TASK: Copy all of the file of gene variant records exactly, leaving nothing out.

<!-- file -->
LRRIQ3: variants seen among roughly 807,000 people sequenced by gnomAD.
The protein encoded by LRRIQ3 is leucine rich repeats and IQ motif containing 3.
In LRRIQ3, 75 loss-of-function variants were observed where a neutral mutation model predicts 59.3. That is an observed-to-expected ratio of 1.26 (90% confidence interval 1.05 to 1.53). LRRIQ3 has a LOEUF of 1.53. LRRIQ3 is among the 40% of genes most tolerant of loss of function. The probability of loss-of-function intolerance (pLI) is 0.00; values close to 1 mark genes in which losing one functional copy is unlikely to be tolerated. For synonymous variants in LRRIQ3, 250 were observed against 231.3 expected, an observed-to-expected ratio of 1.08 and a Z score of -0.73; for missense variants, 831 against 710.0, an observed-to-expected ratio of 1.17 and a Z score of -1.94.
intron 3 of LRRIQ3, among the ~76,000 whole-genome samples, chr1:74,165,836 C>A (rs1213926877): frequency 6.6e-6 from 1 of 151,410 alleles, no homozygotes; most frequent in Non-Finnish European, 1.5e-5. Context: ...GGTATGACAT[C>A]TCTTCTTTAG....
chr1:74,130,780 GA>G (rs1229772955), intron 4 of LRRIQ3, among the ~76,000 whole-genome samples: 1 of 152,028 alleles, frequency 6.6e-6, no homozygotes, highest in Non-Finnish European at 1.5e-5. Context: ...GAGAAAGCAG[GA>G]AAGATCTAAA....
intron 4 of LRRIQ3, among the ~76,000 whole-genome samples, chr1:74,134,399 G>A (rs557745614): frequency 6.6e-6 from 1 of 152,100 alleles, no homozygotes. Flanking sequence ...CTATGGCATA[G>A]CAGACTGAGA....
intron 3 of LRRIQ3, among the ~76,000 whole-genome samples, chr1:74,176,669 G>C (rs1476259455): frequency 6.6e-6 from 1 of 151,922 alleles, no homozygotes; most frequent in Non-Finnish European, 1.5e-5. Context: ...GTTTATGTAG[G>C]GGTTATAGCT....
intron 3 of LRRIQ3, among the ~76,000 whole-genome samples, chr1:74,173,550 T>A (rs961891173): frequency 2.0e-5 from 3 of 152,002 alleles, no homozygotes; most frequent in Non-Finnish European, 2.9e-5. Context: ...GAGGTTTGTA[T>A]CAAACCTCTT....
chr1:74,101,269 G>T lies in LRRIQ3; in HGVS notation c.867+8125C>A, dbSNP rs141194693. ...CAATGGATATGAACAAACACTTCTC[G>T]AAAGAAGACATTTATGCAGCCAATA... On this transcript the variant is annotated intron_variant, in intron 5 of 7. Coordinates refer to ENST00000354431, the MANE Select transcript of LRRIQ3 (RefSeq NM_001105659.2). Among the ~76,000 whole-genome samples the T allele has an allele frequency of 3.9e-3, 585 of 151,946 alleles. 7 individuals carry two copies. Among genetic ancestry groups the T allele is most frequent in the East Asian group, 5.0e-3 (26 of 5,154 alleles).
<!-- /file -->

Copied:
LRRIQ3: variants seen among roughly 807,000 people sequenced by gnomAD.
The protein encoded by LRRIQ3 is leucine rich repeats and IQ motif containing 3.
In LRRIQ3, 75 loss-of-function variants were observed where a neutral mutation model predicts 59.3. That is an observed-to-expected ratio of 1.26 (90% confidence interval 1.05 to 1.53). LRRIQ3 has a LOEUF of 1.53. LRRIQ3 is among the 40% of genes most tolerant of loss of function. The probability of loss-of-function intolerance (pLI) is 0.00; values close to 1 mark genes in which losing one functional copy is unlikely to be tolerated. For synonymous variants in LRRIQ3, 250 were observed against 231.3 expected, an observed-to-expected ratio of 1.08 and a Z score of -0.73; for missense variants, 831 against 710.0, an observed-to-expected ratio of 1.17 and a Z score of -1.94.
intron 3 of LRRIQ3, among the ~76,000 whole-genome samples, chr1:74,165,836 C>A (rs1213926877): frequency 6.6e-6 from 1 of 151,410 alleles, no homozygotes; most frequent in Non-Finnish European, 1.5e-5. Context: ...GGTATGACAT[C>A]TCTTCTTTAG....
chr1:74,130,780 GA>G (rs1229772955), intron 4 of LRRIQ3, among the ~76,000 whole-genome samples: 1 of 152,028 alleles, frequency 6.6e-6, no homozygotes, highest in Non-Finnish European at 1.5e-5. Context: ...GAGAAAGCAG[GA>G]AAGATCTAAA....
intron 4 of LRRIQ3, among the ~76,000 whole-genome samples, chr1:74,134,399 G>A (rs557745614): frequency 6.6e-6 from 1 of 152,100 alleles, no homozygotes. Flanking sequence ...CTATGGCATA[G>A]CAGACTGAGA....
intron 3 of LRRIQ3, among the ~76,000 whole-genome samples, chr1:74,176,669 G>C (rs1476259455): frequency 6.6e-6 from 1 of 151,922 alleles, no homozygotes; most frequent in Non-Finnish European, 1.5e-5. Context: ...GTTTATGTAG[G>C]GGTTATAGCT....
intron 3 of LRRIQ3, among the ~76,000 whole-genome samples, chr1:74,173,550 T>A (rs961891173): frequency 2.0e-5 from 3 of 152,002 alleles, no homozygotes; most frequent in Non-Finnish European, 2.9e-5. Context: ...GAGGTTTGTA[T>A]CAAACCTCTT....
chr1:74,101,269 G>T lies in LRRIQ3; in HGVS notation c.867+8125C>A, dbSNP rs141194693. ...CAATGGATATGAACAAACACTTCTC[G>T]AAAGAAGACATTTATGCAGCCAATA... On this transcript the variant is annotated intron_variant, in intron 5 of 7. Coordinates refer to ENST00000354431, the MANE Select transcript of LRRIQ3 (RefSeq NM_001105659.2). Among the ~76,000 whole-genome samples the T allele has an allele frequency of 3.9e-3, 585 of 151,946 alleles. 7 individuals carry two copies. Among genetic ancestry groups the T allele is most frequent in the East Asian group, 5.0e-3 (26 of 5,154 alleles).